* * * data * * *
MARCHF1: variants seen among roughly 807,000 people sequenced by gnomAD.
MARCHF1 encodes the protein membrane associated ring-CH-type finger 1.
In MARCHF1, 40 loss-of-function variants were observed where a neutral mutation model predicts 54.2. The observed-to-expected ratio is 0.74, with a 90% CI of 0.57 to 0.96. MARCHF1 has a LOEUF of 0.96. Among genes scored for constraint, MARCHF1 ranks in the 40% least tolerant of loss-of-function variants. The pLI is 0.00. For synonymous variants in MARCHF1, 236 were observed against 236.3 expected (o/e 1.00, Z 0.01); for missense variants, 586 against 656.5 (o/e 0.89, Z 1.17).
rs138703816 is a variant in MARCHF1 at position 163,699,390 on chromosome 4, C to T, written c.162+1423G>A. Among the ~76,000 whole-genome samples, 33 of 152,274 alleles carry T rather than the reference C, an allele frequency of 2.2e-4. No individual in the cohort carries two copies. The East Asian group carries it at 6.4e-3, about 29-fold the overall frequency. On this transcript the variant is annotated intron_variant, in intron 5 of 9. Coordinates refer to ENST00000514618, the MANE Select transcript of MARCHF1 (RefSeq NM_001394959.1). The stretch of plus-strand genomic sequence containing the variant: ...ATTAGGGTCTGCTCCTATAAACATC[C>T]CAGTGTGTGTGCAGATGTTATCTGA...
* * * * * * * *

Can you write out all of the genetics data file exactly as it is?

MARCHF1: variants seen among roughly 807,000 people sequenced by gnomAD.
MARCHF1 encodes the protein membrane associated ring-CH-type finger 1.
In MARCHF1, 40 loss-of-function variants were observed where a neutral mutation model predicts 54.2. The observed-to-expected ratio is 0.74, with a 90% CI of 0.57 to 0.96. MARCHF1 has a LOEUF of 0.96. Among genes scored for constraint, MARCHF1 ranks in the 40% least tolerant of loss-of-function variants. The pLI is 0.00. For synonymous variants in MARCHF1, 236 were observed against 236.3 expected (o/e 1.00, Z 0.01); for missense variants, 586 against 656.5 (o/e 0.89, Z 1.17).
rs138703816 is a variant in MARCHF1 at position 163,699,390 on chromosome 4, C to T, written c.162+1423G>A. Among the ~76,000 whole-genome samples, 33 of 152,274 alleles carry T rather than the reference C, an allele frequency of 2.2e-4. No individual in the cohort carries two copies. The East Asian group carries it at 6.4e-3, about 29-fold the overall frequency. On this transcript the variant is annotated intron_variant, in intron 5 of 9. Coordinates refer to ENST00000514618, the MANE Select transcript of MARCHF1 (RefSeq NM_001394959.1). The stretch of plus-strand genomic sequence containing the variant: ...ATTAGGGTCTGCTCCTATAAACATC[C>T]CAGTGTGTGTGCAGATGTTATCTGA...